The United Kingdom is an island that is not connected to mainland Europe. Within its boundaries there is a main island, but there are also smaller islands under Westminster's jurisdiction. One of these is an island to the south called the Isle of Wight, and this was our next stop.
The island is within five miles of the south coast of England, so it is a short ferry ride to get there. Many people take their cars, but we opted to leave our bird-poo-stained Meriva behind in Portsmouth. To be a walk-on passenger is £16 return, but to take your car is £65. Significant. It isn't a particularly large island, and you can access most areas on buses, so there was little need for our monster truck.
The Isle of Wight is traditionally known as a Victorian holiday hotspot and, more recently, a large retirement island, and there were a significant number of elder citizens milling around the centre of the town we were staying in. Perhaps due to its clientele, the island is relatively expensive, especially when looking for accommodation. We ended up staying upstairs in a pub, and got lucky that the price had been slashed in half for that day to a mere £50.
We were staying on the north side of the island in a town called Cowes, which became the theme of many terrible jokes during our time here. Cowes becomes the focal point of the sailing world for a week in August, when Cowes Week sees ships of all shapes and sizes descending on its small port for largest sailing regatta of its kind in the world. We were a month early, but the Solent was still heaving with boats.
We had very little time here, but wanted to explore as much as possible. Our first afternoon was spent getting buses down to the far southwesterly tip of the island to find one of its natural attractions - the Needles. These are a row of three distinctive stacks of chalk that rise out of the sea, with a lighthouse at their far end. They were featured on a British TV programme as one of the natural wonders of southern England. They are intriguing, but not as spectacular as other natural places such as Durdle Door.
We had arrived on a Sunday and the Isle of Wight, like much of Britain, runs a reduced public transport service on Sundays. As a result we arrived at the Needles and its small theme park on the final bus visiting the area that day. With hindsight, we shouldn't have gone on a Sunday. The park wasn't open. The old Needles battery wasn't open. Luckily, the natural world is generally an open place so we were able to walk along the headland to get a sight of the rocks and the shore. On the way we walked past a garden with numerous quirky signs and gnomes. A Japanese duo walked through it to give it a closer inspection, but were given short shrift by an old lady who told them off for trespassing on her 'private property'. Bit strange.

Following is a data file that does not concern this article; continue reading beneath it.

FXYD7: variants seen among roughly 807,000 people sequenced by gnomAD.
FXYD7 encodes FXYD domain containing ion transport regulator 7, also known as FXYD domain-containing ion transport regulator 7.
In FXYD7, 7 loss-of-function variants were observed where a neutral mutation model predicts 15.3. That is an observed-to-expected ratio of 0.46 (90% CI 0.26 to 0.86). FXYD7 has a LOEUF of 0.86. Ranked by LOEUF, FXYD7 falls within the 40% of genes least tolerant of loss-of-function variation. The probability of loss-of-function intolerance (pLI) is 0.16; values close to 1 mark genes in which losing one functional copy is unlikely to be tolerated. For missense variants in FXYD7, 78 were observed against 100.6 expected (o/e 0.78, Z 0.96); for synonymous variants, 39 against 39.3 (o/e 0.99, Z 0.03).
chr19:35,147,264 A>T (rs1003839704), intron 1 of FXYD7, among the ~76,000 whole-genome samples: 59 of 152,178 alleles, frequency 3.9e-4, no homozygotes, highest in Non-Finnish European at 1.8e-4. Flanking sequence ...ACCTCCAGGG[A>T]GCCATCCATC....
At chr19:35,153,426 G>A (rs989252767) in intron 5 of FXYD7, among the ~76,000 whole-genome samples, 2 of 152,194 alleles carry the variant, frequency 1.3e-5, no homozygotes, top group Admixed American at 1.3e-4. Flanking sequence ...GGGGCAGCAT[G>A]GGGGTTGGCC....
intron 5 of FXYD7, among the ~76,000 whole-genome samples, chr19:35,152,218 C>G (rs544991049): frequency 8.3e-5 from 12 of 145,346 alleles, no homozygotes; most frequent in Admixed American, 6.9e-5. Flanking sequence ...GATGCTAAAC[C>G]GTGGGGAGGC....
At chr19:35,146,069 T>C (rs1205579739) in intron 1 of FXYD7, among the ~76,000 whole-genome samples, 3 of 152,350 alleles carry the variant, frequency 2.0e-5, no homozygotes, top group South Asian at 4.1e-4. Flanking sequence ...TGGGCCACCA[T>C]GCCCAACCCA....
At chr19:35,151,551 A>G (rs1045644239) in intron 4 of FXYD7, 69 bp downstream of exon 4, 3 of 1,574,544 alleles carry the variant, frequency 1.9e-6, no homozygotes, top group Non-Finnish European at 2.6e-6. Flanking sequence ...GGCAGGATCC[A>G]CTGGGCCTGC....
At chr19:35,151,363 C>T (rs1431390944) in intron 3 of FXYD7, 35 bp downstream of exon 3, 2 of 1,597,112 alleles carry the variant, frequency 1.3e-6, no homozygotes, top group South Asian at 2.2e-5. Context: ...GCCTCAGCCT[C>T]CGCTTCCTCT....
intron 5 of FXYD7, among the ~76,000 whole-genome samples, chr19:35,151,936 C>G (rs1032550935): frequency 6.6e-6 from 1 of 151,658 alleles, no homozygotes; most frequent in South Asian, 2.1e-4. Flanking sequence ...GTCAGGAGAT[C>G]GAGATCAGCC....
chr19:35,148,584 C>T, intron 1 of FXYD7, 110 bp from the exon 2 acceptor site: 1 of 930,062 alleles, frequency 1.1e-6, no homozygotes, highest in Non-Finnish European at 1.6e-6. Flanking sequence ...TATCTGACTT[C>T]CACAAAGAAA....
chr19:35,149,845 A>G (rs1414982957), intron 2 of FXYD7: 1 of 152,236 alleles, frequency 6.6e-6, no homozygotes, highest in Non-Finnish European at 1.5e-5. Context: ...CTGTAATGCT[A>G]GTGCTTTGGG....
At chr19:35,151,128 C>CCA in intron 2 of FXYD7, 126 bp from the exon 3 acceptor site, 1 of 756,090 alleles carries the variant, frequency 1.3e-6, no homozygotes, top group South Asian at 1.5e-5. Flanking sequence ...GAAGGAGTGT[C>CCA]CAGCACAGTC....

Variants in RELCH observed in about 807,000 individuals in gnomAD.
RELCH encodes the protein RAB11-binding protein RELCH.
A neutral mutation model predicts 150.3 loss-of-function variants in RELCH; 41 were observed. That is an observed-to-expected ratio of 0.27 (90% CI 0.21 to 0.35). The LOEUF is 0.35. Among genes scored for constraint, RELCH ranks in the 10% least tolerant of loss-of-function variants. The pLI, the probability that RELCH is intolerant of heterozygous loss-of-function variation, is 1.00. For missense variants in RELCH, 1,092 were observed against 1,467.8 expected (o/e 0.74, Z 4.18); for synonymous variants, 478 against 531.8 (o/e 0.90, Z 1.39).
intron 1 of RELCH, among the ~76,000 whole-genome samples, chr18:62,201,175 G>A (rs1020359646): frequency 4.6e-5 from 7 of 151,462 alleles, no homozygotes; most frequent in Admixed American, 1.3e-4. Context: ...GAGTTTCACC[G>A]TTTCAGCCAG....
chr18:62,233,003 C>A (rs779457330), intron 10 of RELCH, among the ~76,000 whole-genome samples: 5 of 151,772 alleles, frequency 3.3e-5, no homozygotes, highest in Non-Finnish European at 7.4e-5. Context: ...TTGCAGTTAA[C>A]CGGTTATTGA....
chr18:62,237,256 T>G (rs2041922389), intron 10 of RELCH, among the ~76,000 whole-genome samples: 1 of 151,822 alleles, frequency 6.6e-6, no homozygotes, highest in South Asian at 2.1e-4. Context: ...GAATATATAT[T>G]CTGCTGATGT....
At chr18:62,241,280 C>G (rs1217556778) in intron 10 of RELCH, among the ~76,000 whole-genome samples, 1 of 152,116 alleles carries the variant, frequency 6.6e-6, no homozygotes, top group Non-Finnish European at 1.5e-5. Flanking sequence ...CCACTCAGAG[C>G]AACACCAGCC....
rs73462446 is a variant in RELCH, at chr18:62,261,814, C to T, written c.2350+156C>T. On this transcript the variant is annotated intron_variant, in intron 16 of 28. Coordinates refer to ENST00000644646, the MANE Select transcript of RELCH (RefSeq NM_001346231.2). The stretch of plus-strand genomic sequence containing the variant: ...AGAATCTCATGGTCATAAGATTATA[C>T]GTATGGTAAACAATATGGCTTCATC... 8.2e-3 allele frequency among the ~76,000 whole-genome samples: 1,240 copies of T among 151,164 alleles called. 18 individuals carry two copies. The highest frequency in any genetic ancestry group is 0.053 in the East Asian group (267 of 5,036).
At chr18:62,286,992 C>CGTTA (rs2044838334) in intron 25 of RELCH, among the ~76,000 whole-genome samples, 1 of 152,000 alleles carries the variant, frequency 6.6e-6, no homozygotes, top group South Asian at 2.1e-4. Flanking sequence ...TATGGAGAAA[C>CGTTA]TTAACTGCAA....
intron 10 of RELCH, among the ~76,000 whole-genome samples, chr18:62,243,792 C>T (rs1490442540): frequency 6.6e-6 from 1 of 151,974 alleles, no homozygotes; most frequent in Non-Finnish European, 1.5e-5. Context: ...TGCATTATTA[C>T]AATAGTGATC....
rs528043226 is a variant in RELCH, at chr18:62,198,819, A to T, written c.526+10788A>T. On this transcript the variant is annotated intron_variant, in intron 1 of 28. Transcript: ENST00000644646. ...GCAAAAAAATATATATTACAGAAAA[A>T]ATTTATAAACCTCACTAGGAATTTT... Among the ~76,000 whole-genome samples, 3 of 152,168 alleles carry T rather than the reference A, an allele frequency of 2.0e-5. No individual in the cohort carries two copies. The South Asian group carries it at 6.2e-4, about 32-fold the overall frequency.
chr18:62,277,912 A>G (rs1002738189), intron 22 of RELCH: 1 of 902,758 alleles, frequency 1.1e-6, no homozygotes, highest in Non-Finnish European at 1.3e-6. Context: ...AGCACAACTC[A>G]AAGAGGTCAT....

Missing the bus meant we had to walk back to the nearest village to find another route home, in which time we could appreciate the beauty of the countryside. We walked past a very large herd of cows that seemed to moo louder when I took photos, and then a herd of Chinese tourists walking down towards the Needles as the sun was slowly descending. Quite how they were planning on getting back I had no idea.
We had seen more tourists elsewhere on our trip, but I was surprised once again by the number of German speakers we encountered. It may have seemed like a lot because Kristina pointed out each and every one. The strange thing about the Isle of Wight, however, was the number of foreign teenagers who were omnipresent. A gaggle of high-pitched foreign accents punctured the ambience of our bus ride around the east of the island. I can only assume they were there on some sort of school-related activity. Unless the Germans are planning another invasion...
Rowdy teenagers were one of the few aspects of society not covered by the model village in the picturesque village of Godshill. The model is 1/10 the size of the actual village, before expanding to encompass more of the island. There are dinosaurs on trains, men playing bowls, and female strippers on football pitches. Larger than life, this place.
One shop is was missing was nextdoor; the wonderful Chocolate Island. It was heavenly. The only reasons we spent less than £10 were due to insufficient funds and insufficient protection for the chocolate in the scorching sunshine. Lovingly described as the island's 'sweetest attraction', chocolates of all shapes, flavours and sizes were on display. As well as traditional favourites there were some rather eccentric flavours - garlic chocolate, anyone?
It would have been nice to stay longer on the Isle of Wight, but you need a decent amount of money in your pocket to do that. Besides, we had plenty more to see on the mainland; in particular, the gay capital of the UK...
Love you all